The much-anticipated sex crimes trial of Ghislaine Maxwell, the British socialite charged with grooming underage girls for late financier Jeffrey Epstein, is set to begin on November 29 before a packed federal courthouse in Manhattan.
The 59-year-old daughter of the late newspaper baron Robert Maxwell faces an effective life sentence if convicted in New York of sex trafficking minors for Epstein, her former lover who killed himself in prison over two years ago.
Following the death of Epstein – a multi-million-dollar money manager who befriended countless celebrities, including Britain’s Prince Andrew – prosecutors vowed to pursue co-conspirators, resulting in Maxwell’s arrest in July 2020.
She has since been held at the Metropolitan Detention Centre in Brooklyn – where she has complained of unsanitary and inhumane conditions – under rigorous surveillance that one of her lawyers compared to that surrounding serial killer Hannibal Lecter in The Silence of the Lambs.
Maxwell’s alleged crimes occurred between 1994 and 2004, and relate to four unnamed women, including two who say they were just 14 and 15 years old when they were sexually abused.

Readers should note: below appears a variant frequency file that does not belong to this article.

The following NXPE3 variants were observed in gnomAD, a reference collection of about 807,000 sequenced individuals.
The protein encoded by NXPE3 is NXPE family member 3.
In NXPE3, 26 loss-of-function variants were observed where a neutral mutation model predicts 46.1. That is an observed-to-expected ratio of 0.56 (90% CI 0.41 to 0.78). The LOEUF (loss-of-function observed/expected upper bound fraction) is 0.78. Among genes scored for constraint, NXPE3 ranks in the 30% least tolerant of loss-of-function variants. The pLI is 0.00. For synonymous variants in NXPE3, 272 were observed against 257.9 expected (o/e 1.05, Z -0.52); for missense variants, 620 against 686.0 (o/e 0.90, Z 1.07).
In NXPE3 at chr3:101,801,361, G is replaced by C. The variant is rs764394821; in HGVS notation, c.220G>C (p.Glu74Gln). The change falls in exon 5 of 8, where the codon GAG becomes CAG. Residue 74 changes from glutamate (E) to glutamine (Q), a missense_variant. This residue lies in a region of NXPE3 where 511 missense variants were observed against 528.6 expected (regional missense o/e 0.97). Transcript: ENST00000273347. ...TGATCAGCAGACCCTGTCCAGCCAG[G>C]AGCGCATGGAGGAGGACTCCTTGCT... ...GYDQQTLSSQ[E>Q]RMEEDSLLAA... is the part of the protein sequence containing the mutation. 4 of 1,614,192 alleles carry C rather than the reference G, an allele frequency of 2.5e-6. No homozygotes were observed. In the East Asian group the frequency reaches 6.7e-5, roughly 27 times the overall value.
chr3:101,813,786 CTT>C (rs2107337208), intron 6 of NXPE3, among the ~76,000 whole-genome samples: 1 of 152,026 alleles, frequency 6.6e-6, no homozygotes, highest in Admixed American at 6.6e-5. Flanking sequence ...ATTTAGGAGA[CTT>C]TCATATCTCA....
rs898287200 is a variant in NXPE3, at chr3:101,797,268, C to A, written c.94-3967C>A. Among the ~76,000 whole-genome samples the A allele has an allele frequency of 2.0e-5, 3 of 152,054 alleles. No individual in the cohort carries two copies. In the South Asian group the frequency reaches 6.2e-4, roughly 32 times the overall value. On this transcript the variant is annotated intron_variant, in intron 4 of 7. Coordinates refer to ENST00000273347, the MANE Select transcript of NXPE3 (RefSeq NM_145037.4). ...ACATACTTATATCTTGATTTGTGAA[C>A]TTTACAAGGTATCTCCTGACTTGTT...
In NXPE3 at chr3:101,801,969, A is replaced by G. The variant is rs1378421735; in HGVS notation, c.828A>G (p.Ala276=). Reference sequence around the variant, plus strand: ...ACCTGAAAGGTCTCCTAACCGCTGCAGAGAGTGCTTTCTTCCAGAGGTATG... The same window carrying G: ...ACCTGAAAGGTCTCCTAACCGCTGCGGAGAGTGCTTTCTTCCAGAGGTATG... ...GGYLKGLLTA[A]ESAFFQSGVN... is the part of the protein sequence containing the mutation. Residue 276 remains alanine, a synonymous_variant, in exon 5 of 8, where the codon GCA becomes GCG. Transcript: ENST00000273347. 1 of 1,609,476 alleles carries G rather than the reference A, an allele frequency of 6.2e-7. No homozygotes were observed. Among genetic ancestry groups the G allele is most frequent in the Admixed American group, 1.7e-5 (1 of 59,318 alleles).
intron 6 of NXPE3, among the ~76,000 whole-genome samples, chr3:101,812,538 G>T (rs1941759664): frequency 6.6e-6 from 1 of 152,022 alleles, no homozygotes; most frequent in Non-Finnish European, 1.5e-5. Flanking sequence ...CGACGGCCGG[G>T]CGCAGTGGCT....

Prosecutors say Maxwell befriended girls with shopping and movie theatre trips, later coaxing them into giving Epstein nude massages at his various residences, during which he would engage in sex acts before giving them money.
US government attorneys say Maxwell sometimes participated in the alleged abuse, at her London home and at Epstein’s properties in New Mexico, Manhattan and Palm Beach, Florida.
Epstein died aged 66 in a Manhattan jail in August 2019 while awaiting trial on child sex trafficking charges.
The 12 jurors and six alternates who will decide Maxwell’s fate will be officially seated on Monday. The trial, taking place in the Thurgood Marshall US courthouse in lower Manhattan, is expected to continue into mid-January, 2022.
Maxwell has pleaded not guilty to all six counts, which include sex trafficking of a minor, and faces up to 80 years in prison if convicted on all charges.
The French-born heiress has also been charged with two counts of perjury. Those counts are due to be tried after her sex crimes trial.
The charges relate to testimony she gave in 2016 in a defamation case filed against her by Epstein accuser Virginia Giuffre.
Giuffre alleges Epstein lent her out for sex with his wealthy and powerful associates, including Prince Andrew.
Maxwell, a long-time friend of Andrew, is known to have introduced the prince to Epstein.
Giuffre has sued the royal in New York, alleging he had sex with her more than 20 years ago when she was 17 and a minor under US law.
That civil lawsuit is expected to be heard before a jury in late 2022.